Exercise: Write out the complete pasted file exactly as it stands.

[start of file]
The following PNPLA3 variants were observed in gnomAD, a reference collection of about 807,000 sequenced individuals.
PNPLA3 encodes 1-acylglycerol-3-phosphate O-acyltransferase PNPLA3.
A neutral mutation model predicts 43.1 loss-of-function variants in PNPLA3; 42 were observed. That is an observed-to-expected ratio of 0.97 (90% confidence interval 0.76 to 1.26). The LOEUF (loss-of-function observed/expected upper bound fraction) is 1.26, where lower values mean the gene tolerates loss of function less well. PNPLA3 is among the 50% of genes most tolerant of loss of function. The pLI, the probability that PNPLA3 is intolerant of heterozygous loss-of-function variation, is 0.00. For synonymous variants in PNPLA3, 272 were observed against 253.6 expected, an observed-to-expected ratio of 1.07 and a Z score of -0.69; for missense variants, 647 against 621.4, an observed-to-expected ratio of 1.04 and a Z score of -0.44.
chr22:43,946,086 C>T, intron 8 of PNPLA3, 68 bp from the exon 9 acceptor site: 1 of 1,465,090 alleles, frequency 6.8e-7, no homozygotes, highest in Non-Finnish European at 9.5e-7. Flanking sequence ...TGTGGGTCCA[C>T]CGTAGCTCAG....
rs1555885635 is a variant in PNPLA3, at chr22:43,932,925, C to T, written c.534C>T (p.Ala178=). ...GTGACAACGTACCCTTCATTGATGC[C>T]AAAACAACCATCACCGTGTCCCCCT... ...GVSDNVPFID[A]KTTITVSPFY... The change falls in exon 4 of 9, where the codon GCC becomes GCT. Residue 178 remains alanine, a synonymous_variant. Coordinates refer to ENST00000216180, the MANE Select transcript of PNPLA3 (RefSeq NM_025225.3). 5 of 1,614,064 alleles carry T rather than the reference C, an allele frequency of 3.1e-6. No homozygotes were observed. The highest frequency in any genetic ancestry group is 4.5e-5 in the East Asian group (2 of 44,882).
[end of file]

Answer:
The following PNPLA3 variants were observed in gnomAD, a reference collection of about 807,000 sequenced individuals.
PNPLA3 encodes 1-acylglycerol-3-phosphate O-acyltransferase PNPLA3.
A neutral mutation model predicts 43.1 loss-of-function variants in PNPLA3; 42 were observed. That is an observed-to-expected ratio of 0.97 (90% confidence interval 0.76 to 1.26). The LOEUF (loss-of-function observed/expected upper bound fraction) is 1.26, where lower values mean the gene tolerates loss of function less well. PNPLA3 is among the 50% of genes most tolerant of loss of function. The pLI, the probability that PNPLA3 is intolerant of heterozygous loss-of-function variation, is 0.00. For synonymous variants in PNPLA3, 272 were observed against 253.6 expected, an observed-to-expected ratio of 1.07 and a Z score of -0.69; for missense variants, 647 against 621.4, an observed-to-expected ratio of 1.04 and a Z score of -0.44.
chr22:43,946,086 C>T, intron 8 of PNPLA3, 68 bp from the exon 9 acceptor site: 1 of 1,465,090 alleles, frequency 6.8e-7, no homozygotes, highest in Non-Finnish European at 9.5e-7. Flanking sequence ...TGTGGGTCCA[C>T]CGTAGCTCAG....
rs1555885635 is a variant in PNPLA3, at chr22:43,932,925, C to T, written c.534C>T (p.Ala178=). ...GTGACAACGTACCCTTCATTGATGC[C>T]AAAACAACCATCACCGTGTCCCCCT... ...GVSDNVPFID[A]KTTITVSPFY... The change falls in exon 4 of 9, where the codon GCC becomes GCT. Residue 178 remains alanine, a synonymous_variant. Coordinates refer to ENST00000216180, the MANE Select transcript of PNPLA3 (RefSeq NM_025225.3). 5 of 1,614,064 alleles carry T rather than the reference C, an allele frequency of 3.1e-6. No homozygotes were observed. The highest frequency in any genetic ancestry group is 4.5e-5 in the East Asian group (2 of 44,882).